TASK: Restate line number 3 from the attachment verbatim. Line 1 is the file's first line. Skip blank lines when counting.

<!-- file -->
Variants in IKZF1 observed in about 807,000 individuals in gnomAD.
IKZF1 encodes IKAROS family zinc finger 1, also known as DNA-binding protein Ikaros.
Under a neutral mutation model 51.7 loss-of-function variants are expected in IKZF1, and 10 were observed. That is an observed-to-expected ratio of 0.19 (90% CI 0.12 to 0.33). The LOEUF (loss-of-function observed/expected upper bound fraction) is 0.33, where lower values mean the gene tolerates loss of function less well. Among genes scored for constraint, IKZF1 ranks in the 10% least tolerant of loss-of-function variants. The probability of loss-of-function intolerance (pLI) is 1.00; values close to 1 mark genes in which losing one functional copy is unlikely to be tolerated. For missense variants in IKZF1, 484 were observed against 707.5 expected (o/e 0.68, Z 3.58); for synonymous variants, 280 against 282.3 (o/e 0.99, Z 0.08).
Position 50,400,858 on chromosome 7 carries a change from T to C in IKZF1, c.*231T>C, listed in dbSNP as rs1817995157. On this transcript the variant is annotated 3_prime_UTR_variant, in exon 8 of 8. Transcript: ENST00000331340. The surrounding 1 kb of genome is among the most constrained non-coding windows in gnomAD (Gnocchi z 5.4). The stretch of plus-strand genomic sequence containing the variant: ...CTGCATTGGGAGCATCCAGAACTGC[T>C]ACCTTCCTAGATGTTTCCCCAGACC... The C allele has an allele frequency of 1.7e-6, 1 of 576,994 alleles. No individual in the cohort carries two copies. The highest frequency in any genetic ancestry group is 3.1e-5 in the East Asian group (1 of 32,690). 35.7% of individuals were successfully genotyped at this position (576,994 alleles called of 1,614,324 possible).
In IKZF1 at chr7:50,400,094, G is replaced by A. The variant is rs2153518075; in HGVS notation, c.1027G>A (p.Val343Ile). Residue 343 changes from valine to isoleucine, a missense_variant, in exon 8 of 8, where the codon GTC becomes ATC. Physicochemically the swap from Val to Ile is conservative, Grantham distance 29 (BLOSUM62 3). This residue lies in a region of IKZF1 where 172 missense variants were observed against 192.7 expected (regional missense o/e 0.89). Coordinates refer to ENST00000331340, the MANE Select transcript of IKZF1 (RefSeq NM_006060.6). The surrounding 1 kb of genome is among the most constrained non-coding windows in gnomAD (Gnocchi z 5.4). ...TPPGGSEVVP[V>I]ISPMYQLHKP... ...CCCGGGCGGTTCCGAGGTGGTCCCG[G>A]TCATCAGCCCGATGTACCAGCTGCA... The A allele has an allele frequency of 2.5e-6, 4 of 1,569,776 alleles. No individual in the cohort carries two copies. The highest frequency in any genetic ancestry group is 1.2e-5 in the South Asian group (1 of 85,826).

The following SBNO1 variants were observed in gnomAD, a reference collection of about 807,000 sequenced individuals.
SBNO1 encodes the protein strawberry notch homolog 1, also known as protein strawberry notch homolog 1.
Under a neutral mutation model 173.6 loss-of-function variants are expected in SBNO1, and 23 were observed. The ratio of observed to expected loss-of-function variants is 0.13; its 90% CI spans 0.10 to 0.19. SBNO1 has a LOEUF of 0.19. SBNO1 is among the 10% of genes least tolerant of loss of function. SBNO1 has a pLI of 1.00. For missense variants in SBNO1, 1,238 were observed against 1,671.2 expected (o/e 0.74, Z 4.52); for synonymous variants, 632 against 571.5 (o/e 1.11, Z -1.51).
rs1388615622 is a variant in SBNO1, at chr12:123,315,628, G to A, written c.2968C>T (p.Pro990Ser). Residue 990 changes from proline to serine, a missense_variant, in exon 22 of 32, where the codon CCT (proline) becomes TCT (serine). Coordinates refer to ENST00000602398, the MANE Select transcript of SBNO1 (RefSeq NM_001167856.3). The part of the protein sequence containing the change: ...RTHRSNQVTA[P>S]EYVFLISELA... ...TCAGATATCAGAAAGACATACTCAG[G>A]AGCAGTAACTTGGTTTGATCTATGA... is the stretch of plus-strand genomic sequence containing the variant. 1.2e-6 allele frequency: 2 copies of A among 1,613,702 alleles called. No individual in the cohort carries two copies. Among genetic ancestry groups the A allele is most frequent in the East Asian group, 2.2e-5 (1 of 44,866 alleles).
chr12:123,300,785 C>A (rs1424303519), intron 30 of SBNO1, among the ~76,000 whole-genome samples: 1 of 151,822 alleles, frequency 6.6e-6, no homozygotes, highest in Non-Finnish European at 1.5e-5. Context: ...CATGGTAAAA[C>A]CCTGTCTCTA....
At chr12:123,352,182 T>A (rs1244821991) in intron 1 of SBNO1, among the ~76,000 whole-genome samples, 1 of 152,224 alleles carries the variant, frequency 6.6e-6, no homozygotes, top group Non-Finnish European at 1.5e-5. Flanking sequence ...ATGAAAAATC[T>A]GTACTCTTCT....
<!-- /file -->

Under a neutral mutation model 51.7 loss-of-function variants are expected in IKZF1, and 10 were observed. That is an observed-to-expected ratio of 0.19 (90% CI 0.12 to 0.33). The LOEUF (loss-of-function observed/expected upper bound fraction) is 0.33, where lower values mean the gene tolerates loss of function less well. Among genes scored for constraint, IKZF1 ranks in the 10% least tolerant of loss-of-function variants. The probability of loss-of-function intolerance (pLI) is 1.00; values close to 1 mark genes in which losing one functional copy is unlikely to be tolerated. For missense variants in IKZF1, 484 were observed against 707.5 expected (o/e 0.68, Z 3.58); for synonymous variants, 280 against 282.3 (o/e 0.99, Z 0.08).